2019 "Preliminary Report of the Committee Studying Home Run Rates in MLB"

3 Findings

3.1 What Baseball Properties Affect Drag?

1. The improved experimental measurements reveal a ball-to-ball correlation between Cd [coefficient of drag] and seam height (Fig. 2) with R2 ≈ 0.35 in addition to a strong correlation between the yearly-average Cd and seam height for the four periods encompassing the years 2013-2019 (Fig. 3).

2. Other than seam height, none of the other alternate hypotheses discussed in the media (e.g., roundness, surface roughness, lace thickness) are correlated with Cd. Factors other than seam height account for roughly 65% of the ball-to-ball differences in Cd, and have been relatively constant between 2013 and 2019. An example is shown in Fig. 4

3. Given the large ball-to-ball variation and the comparatively small yearto-year changes in both Cd and seam height (Fig. 5), large sample sizes (≈ 20 dozen) are needed to compare yearly changes using current test methods.

4. The aerodynamic flow over a baseball is complex [4], resulting in drag properties that depend not only on seam height but also on spin rate,
spin axis, seam orientation, application of mud (see Fig. 6), and possibly other factors not yet identified. While we have learned much from our studies as well as those of other investigators [5], there is much that is not yet understood.

3.2 What Drives the Home Run Changes?

1. The StatCast data were analyzed using the technique described by Albert [6] to separate the home run changes into two parts: a part due to changes in carry [i.e., drag] and a part due to changes in launch conditions [i.e., ball-bat interaction]. [Emphasis added]

The following results are obtained (see Figs. 7-8 and Table 1):

• For 2016-2017, the increase in home runs is primarily due to an increase in carry, as previously concluded in the 2018 report [1].

• For 2017-2018, the change in home runs is due to two opposing effects: a change in launch conditions, which would have increased the number of home runs; and a decrease in carry, which would have decreased the number of home runs. The combined effect was a decrease in home runs.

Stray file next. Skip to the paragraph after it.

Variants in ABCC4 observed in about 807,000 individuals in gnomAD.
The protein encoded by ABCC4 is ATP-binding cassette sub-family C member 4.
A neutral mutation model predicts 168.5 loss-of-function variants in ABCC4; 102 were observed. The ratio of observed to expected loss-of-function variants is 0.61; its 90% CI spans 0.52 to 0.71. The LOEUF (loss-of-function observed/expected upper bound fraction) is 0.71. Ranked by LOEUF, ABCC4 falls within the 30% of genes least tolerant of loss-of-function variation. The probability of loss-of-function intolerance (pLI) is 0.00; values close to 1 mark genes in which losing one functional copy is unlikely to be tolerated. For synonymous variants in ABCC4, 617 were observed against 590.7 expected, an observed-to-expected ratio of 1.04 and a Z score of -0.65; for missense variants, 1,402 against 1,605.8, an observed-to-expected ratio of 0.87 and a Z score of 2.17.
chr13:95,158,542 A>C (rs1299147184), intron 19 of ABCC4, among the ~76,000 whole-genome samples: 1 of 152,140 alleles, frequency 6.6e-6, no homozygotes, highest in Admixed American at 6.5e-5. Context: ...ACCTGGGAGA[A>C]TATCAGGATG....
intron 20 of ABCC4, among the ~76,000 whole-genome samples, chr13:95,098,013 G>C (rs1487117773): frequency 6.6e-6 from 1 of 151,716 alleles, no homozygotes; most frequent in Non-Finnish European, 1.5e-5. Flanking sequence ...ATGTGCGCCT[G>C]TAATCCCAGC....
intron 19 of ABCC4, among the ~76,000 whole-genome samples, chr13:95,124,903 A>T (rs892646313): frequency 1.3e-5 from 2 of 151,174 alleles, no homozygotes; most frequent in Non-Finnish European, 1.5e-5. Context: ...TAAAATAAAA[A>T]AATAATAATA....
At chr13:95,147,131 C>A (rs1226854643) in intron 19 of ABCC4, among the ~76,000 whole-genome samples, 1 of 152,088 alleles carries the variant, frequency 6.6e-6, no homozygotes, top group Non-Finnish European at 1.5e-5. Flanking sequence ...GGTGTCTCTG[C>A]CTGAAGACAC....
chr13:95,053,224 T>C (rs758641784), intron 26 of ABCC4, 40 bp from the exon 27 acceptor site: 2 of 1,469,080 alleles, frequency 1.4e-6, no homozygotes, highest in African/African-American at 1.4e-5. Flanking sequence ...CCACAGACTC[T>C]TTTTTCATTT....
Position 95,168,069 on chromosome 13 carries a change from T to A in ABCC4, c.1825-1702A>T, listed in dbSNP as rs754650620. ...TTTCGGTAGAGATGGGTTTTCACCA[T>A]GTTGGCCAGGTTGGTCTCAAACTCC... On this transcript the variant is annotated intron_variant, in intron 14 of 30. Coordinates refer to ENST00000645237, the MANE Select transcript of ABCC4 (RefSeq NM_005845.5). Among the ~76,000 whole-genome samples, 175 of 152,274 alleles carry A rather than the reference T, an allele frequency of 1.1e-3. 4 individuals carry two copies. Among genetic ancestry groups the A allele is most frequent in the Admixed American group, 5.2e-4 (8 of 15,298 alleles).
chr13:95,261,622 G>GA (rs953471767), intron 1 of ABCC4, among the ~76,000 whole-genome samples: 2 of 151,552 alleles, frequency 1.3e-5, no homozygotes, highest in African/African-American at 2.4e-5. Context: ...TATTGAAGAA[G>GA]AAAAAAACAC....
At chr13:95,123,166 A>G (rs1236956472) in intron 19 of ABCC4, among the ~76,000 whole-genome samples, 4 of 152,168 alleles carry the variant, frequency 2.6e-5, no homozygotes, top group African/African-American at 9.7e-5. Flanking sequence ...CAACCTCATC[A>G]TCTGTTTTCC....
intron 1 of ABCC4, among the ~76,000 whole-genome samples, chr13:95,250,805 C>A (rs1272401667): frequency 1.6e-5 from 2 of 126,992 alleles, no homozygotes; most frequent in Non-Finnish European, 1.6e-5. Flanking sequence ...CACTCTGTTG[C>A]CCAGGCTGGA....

• For 2018-2019, approximately 60% of the home run increase is due to an increase in carry and 40% to a change in launch conditions. As noted above, only 35% of the increase in home run rate attributable to greater carry is due to a change in the seam height.

[...] Moreover, the pattern of changes during the period 2016-2018 from laboratory measurements (Fig. 3), with much smaller samples sizes in 2016 and 2017, do not follow the pattern from StatCast data (Fig. 9). These discrepancies are puzzling and perhaps point to the need for larger sample sizes, such as those available for 2018-2019.

4. Both Cd [coefficient of drag] values and fly ball distances show considerable variation about their mean values (Fig. 10), qualitatively consistent with the ball-to-ball variation in drag found in laboratory experiments. However, for given exit velocity and launch angle, the variation of fly ball distance with rate of backspin and sidespin on the batted ball is much larger than the variation due to Cd (Table 2). Whether year-to-year changes in those spin rates play a role in the changes in home run rates is currently under investigation.

5. Some of the home run increase is due to the changes in launch conditions.
• Not only is there a general increase in home run hitting, but the rates of hitting home runs has shown a general increase across players of all slugging abilities (see Fig. 11).
• The parameters contributing to this change are exit velocities, launch angles (see Fig. 12), and spray angles.
• From analysis of the Rawlings and UMass/Lowell test data (Fig. 13), there is some evidence of a small increase in the CCOR of the baseball between 2018 and 2019. However, that increase was too small to play a significant role in the home run increase in 2019. • Lacking strong evidence that the change in launch conditions are due to changes in the baseball, we conclude that they are due to a change in player behavior. [Emphasis added]

3.3 Did the Home Run Rate Change in the 2019 Postseason?

1. It is the understanding of the committee that Rawlings uses the same manufacturing process to create the baseball used in the postseason as they do to create the ball used in the regular season, save for the application of the postseason stamp. There would therefore be no reason to 8
suspect a change in the performance properties of the baseball between the regular and postseason. [...]